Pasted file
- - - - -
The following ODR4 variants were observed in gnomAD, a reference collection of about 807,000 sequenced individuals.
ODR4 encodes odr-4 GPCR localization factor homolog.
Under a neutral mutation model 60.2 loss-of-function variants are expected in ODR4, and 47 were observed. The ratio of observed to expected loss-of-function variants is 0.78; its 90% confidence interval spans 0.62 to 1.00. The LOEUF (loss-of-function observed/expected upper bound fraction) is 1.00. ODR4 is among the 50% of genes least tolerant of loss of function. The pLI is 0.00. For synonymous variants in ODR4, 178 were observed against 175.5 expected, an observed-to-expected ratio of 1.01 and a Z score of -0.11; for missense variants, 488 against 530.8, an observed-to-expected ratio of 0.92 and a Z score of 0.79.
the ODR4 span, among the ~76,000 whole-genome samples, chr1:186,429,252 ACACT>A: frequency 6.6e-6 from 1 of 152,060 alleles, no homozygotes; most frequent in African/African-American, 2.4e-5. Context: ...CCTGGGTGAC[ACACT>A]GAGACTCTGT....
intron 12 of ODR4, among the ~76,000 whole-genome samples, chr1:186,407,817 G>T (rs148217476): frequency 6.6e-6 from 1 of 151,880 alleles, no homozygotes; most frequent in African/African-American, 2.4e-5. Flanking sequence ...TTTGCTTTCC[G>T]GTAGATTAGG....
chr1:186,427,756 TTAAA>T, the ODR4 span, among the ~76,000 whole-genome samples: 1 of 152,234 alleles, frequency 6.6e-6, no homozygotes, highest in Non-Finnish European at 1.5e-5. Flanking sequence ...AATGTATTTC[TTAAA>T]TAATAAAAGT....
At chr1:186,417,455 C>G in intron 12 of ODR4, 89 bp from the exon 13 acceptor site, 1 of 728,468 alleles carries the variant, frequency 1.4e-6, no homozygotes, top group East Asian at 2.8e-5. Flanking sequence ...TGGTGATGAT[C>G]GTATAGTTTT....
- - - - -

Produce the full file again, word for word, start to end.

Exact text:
The following ODR4 variants were observed in gnomAD, a reference collection of about 807,000 sequenced individuals.
ODR4 encodes odr-4 GPCR localization factor homolog.
Under a neutral mutation model 60.2 loss-of-function variants are expected in ODR4, and 47 were observed. The ratio of observed to expected loss-of-function variants is 0.78; its 90% confidence interval spans 0.62 to 1.00. The LOEUF (loss-of-function observed/expected upper bound fraction) is 1.00. ODR4 is among the 50% of genes least tolerant of loss of function. The pLI is 0.00. For synonymous variants in ODR4, 178 were observed against 175.5 expected, an observed-to-expected ratio of 1.01 and a Z score of -0.11; for missense variants, 488 against 530.8, an observed-to-expected ratio of 0.92 and a Z score of 0.79.
the ODR4 span, among the ~76,000 whole-genome samples, chr1:186,429,252 ACACT>A: frequency 6.6e-6 from 1 of 152,060 alleles, no homozygotes; most frequent in African/African-American, 2.4e-5. Context: ...CCTGGGTGAC[ACACT>A]GAGACTCTGT....
intron 12 of ODR4, among the ~76,000 whole-genome samples, chr1:186,407,817 G>T (rs148217476): frequency 6.6e-6 from 1 of 151,880 alleles, no homozygotes; most frequent in African/African-American, 2.4e-5. Flanking sequence ...TTTGCTTTCC[G>T]GTAGATTAGG....
chr1:186,427,756 TTAAA>T, the ODR4 span, among the ~76,000 whole-genome samples: 1 of 152,234 alleles, frequency 6.6e-6, no homozygotes, highest in Non-Finnish European at 1.5e-5. Flanking sequence ...AATGTATTTC[TTAAA>T]TAATAAAAGT....
At chr1:186,417,455 C>G in intron 12 of ODR4, 89 bp from the exon 13 acceptor site, 1 of 728,468 alleles carries the variant, frequency 1.4e-6, no homozygotes, top group East Asian at 2.8e-5. Flanking sequence ...TGGTGATGAT[C>G]GTATAGTTTT....